Eggplant! What’s this?! It’s one that many of us probably haven’t approached on our own in the grocery store or market. This is your opportunity!! Eggplant is a close relative of tomatoes, peppers and potatoes. They are smooth-skinned, oval to elongated, and range in color. Eggplant requires the right kind of preparation; otherwise it can be unpleasantly bitter, rubbery, or watery. To store the eggplant, wrap unwashed eggplant in a towel (not plastic) to absorb any moisture, and keep it in the veggie drawer of your refrigerator. Or store unrefrigerated at a cool room temperature. Use within a week and it should still be fresh and mild.
Eggplant is usually peeled. The flesh will brown when exposed to air. To prevent browning, coat in lemon juice or keep submerged in water. Rinse eggplant in cool water and cut off the stem. The shape of the eggplant determines how to prepare it: cut straight narrow eggplant into strips for grilling or broiling, and cut a rounded bulbous eggplant into cubes for stews and stir- fries.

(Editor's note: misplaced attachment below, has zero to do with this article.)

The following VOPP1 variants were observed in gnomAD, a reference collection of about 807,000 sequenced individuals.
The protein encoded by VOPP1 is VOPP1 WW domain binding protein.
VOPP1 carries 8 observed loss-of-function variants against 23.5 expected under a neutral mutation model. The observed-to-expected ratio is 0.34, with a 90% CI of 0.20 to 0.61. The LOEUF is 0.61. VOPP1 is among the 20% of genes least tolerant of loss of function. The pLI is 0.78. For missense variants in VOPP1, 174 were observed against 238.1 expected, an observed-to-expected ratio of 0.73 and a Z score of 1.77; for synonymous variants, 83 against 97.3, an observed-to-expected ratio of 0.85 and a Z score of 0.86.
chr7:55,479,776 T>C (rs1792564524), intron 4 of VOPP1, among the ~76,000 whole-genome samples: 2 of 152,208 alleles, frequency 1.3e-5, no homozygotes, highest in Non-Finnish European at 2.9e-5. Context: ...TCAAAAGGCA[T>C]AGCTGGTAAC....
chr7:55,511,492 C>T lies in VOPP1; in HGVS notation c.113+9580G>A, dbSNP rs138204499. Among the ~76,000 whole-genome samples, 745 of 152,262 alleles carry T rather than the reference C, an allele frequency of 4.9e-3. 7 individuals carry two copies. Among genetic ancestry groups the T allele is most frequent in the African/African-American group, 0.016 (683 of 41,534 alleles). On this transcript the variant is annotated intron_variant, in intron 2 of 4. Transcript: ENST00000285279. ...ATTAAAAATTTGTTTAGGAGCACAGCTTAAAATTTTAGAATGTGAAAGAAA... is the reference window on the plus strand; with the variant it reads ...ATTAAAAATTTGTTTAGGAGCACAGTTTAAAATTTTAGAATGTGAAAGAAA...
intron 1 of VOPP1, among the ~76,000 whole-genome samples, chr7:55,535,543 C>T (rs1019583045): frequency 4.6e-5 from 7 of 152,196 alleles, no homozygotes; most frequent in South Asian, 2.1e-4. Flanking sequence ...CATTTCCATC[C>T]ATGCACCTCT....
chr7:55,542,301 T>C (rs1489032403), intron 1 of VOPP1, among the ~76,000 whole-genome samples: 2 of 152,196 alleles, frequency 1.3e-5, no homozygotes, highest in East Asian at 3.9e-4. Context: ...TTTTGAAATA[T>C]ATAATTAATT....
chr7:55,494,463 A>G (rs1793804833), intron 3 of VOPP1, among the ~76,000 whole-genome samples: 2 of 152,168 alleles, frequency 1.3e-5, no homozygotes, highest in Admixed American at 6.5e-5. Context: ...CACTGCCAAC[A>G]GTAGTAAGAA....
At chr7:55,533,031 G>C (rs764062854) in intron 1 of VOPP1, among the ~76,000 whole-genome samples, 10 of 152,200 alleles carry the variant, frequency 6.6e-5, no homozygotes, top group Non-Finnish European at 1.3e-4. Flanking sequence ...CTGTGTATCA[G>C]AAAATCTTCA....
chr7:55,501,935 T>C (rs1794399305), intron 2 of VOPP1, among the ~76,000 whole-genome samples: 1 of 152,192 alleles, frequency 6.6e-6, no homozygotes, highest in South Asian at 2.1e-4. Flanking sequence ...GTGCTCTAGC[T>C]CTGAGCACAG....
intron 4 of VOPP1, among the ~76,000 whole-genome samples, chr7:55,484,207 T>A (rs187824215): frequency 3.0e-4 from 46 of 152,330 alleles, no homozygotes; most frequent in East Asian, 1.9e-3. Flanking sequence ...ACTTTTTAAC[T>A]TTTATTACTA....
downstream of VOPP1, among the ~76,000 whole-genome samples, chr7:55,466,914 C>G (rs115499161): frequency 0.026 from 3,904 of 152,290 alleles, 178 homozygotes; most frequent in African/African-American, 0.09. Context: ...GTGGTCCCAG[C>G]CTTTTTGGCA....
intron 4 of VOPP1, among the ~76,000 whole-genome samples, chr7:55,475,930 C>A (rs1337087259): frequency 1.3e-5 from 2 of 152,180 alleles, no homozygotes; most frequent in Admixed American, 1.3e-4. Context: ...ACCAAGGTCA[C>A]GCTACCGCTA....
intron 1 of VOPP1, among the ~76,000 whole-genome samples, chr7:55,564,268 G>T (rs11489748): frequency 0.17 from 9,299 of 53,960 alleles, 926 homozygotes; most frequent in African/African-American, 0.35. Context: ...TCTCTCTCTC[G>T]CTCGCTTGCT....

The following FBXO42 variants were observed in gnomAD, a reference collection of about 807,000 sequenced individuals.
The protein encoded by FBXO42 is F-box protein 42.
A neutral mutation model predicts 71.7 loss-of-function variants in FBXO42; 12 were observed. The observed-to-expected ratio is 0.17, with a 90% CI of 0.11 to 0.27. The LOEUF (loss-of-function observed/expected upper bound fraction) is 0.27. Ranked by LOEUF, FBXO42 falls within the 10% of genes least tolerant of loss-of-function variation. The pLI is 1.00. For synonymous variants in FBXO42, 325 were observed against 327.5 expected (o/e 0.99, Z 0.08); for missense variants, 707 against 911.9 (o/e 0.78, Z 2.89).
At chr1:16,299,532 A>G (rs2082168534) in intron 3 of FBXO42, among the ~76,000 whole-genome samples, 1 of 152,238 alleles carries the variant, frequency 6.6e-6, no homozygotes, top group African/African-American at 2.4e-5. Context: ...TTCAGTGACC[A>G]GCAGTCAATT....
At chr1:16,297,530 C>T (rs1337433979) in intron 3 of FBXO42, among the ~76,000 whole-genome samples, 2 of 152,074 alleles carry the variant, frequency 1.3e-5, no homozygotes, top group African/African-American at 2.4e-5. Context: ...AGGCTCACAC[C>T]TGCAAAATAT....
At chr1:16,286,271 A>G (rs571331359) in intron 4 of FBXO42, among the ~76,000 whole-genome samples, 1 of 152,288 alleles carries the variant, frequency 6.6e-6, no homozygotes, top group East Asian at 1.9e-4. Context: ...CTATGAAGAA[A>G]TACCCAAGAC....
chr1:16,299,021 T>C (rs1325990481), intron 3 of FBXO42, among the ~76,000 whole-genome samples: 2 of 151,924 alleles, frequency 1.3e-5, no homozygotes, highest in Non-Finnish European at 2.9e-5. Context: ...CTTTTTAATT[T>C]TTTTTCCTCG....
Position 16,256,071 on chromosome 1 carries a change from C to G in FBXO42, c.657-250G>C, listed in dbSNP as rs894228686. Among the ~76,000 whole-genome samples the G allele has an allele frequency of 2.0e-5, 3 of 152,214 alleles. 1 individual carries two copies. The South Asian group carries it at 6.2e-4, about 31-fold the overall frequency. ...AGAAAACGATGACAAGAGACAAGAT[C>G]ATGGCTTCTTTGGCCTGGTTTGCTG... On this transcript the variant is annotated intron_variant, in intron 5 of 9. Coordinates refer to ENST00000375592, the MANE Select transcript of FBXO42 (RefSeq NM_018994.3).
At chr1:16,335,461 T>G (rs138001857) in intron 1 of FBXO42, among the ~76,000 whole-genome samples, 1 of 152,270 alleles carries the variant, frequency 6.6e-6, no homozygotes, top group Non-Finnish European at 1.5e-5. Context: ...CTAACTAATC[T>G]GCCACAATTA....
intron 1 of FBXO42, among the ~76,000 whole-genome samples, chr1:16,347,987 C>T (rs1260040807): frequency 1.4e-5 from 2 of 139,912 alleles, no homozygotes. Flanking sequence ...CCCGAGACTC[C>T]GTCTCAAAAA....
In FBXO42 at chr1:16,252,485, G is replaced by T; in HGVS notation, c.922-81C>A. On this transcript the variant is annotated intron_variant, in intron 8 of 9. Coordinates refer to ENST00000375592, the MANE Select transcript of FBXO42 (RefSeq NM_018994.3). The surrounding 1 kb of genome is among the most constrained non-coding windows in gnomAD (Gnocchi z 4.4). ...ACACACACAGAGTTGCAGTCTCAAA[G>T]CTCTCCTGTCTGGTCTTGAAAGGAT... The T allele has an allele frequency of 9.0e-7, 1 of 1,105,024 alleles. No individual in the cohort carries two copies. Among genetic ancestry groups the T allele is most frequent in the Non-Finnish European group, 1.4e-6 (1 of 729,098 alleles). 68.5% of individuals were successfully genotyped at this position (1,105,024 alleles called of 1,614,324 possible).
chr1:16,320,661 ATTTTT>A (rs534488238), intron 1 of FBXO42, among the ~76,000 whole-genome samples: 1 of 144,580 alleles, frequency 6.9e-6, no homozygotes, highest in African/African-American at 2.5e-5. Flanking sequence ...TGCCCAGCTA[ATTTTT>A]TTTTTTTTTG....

To remove bitter flavors and excess moisture, lightly salt slices of eggplant and allow them to sit in a colander for 10-15 minutes. Gently squeeze out any liquid. Eggplant will now soak up less oil and need less salt in preparation. I’ve got two extra recipes on the blog this week to help give you a couple of ideas of how to use it!
Peppers! Banana peppers are the classic, long pointy tipped light yellow pepper. If you notice any purple on the pepper (usually in streaks), it’s just cross pollination between these and the purple bell peppers. The bees visit so many flowers in one day that when they pollinated the banana pepper plants they left behind some purple pepper pollen on their flowers as well. These can be kept in a loose plastic bag in the hydrator drawer of the fridge for up to 2 weeks. If the peppers get soft earlier than you’re ready to use them, keep in mind that you can still cook with them although I would not suggest eating a soft raw pepper. It isn’t bad for you and won’t make you sick, but it’s not as desirable as the fresh crunch you get with a pepper straight from the farm.